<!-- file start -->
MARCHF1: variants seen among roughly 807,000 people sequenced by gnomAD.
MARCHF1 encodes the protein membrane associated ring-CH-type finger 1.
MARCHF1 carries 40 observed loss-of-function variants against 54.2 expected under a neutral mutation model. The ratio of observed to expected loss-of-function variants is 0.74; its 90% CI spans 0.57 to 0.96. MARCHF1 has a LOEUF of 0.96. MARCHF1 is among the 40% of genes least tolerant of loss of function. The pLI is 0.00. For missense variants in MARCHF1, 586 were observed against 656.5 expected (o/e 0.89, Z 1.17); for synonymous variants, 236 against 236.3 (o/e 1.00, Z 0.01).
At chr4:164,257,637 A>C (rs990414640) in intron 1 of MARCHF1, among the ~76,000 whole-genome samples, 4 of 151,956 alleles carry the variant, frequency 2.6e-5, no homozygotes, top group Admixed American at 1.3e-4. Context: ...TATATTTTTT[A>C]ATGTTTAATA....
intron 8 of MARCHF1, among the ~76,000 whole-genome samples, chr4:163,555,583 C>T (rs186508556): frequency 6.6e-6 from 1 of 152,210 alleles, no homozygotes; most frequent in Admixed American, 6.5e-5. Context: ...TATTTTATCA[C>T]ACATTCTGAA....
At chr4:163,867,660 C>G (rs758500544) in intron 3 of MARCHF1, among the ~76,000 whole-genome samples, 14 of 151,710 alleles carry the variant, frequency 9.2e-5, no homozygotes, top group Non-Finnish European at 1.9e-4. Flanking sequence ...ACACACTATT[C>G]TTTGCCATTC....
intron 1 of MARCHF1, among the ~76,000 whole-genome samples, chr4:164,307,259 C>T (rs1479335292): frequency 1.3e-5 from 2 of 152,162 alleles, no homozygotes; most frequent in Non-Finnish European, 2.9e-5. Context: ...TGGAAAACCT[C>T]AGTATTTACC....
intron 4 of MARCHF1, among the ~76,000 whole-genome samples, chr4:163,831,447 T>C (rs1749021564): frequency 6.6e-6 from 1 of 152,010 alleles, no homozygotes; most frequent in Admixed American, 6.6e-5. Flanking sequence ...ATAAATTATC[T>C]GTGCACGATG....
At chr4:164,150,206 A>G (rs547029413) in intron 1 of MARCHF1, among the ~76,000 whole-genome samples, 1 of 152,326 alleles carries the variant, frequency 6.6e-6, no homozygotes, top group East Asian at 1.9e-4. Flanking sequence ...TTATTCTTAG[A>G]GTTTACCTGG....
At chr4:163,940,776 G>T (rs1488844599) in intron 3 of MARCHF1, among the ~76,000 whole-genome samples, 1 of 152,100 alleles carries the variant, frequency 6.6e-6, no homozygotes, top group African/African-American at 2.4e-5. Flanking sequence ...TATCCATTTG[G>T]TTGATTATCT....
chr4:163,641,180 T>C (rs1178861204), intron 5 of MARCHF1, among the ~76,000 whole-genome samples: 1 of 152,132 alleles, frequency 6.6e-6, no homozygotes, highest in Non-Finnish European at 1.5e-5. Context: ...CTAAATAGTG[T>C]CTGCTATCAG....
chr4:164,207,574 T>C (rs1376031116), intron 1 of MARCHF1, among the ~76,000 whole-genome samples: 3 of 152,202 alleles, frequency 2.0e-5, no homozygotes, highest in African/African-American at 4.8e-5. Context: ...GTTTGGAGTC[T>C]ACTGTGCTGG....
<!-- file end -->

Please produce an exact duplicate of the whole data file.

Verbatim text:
MARCHF1: variants seen among roughly 807,000 people sequenced by gnomAD.
MARCHF1 encodes the protein membrane associated ring-CH-type finger 1.
MARCHF1 carries 40 observed loss-of-function variants against 54.2 expected under a neutral mutation model. The ratio of observed to expected loss-of-function variants is 0.74; its 90% CI spans 0.57 to 0.96. MARCHF1 has a LOEUF of 0.96. MARCHF1 is among the 40% of genes least tolerant of loss of function. The pLI is 0.00. For missense variants in MARCHF1, 586 were observed against 656.5 expected (o/e 0.89, Z 1.17); for synonymous variants, 236 against 236.3 (o/e 1.00, Z 0.01).
At chr4:164,257,637 A>C (rs990414640) in intron 1 of MARCHF1, among the ~76,000 whole-genome samples, 4 of 151,956 alleles carry the variant, frequency 2.6e-5, no homozygotes, top group Admixed American at 1.3e-4. Context: ...TATATTTTTT[A>C]ATGTTTAATA....
intron 8 of MARCHF1, among the ~76,000 whole-genome samples, chr4:163,555,583 C>T (rs186508556): frequency 6.6e-6 from 1 of 152,210 alleles, no homozygotes; most frequent in Admixed American, 6.5e-5. Context: ...TATTTTATCA[C>T]ACATTCTGAA....
At chr4:163,867,660 C>G (rs758500544) in intron 3 of MARCHF1, among the ~76,000 whole-genome samples, 14 of 151,710 alleles carry the variant, frequency 9.2e-5, no homozygotes, top group Non-Finnish European at 1.9e-4. Flanking sequence ...ACACACTATT[C>G]TTTGCCATTC....
intron 1 of MARCHF1, among the ~76,000 whole-genome samples, chr4:164,307,259 C>T (rs1479335292): frequency 1.3e-5 from 2 of 152,162 alleles, no homozygotes; most frequent in Non-Finnish European, 2.9e-5. Context: ...TGGAAAACCT[C>T]AGTATTTACC....
intron 4 of MARCHF1, among the ~76,000 whole-genome samples, chr4:163,831,447 T>C (rs1749021564): frequency 6.6e-6 from 1 of 152,010 alleles, no homozygotes; most frequent in Admixed American, 6.6e-5. Flanking sequence ...ATAAATTATC[T>C]GTGCACGATG....
At chr4:164,150,206 A>G (rs547029413) in intron 1 of MARCHF1, among the ~76,000 whole-genome samples, 1 of 152,326 alleles carries the variant, frequency 6.6e-6, no homozygotes, top group East Asian at 1.9e-4. Flanking sequence ...TTATTCTTAG[A>G]GTTTACCTGG....
At chr4:163,940,776 G>T (rs1488844599) in intron 3 of MARCHF1, among the ~76,000 whole-genome samples, 1 of 152,100 alleles carries the variant, frequency 6.6e-6, no homozygotes, top group African/African-American at 2.4e-5. Flanking sequence ...TATCCATTTG[G>T]TTGATTATCT....
chr4:163,641,180 T>C (rs1178861204), intron 5 of MARCHF1, among the ~76,000 whole-genome samples: 1 of 152,132 alleles, frequency 6.6e-6, no homozygotes, highest in Non-Finnish European at 1.5e-5. Context: ...CTAAATAGTG[T>C]CTGCTATCAG....
chr4:164,207,574 T>C (rs1376031116), intron 1 of MARCHF1, among the ~76,000 whole-genome samples: 3 of 152,202 alleles, frequency 2.0e-5, no homozygotes, highest in African/African-American at 4.8e-5. Context: ...GTTTGGAGTC[T>C]ACTGTGCTGG....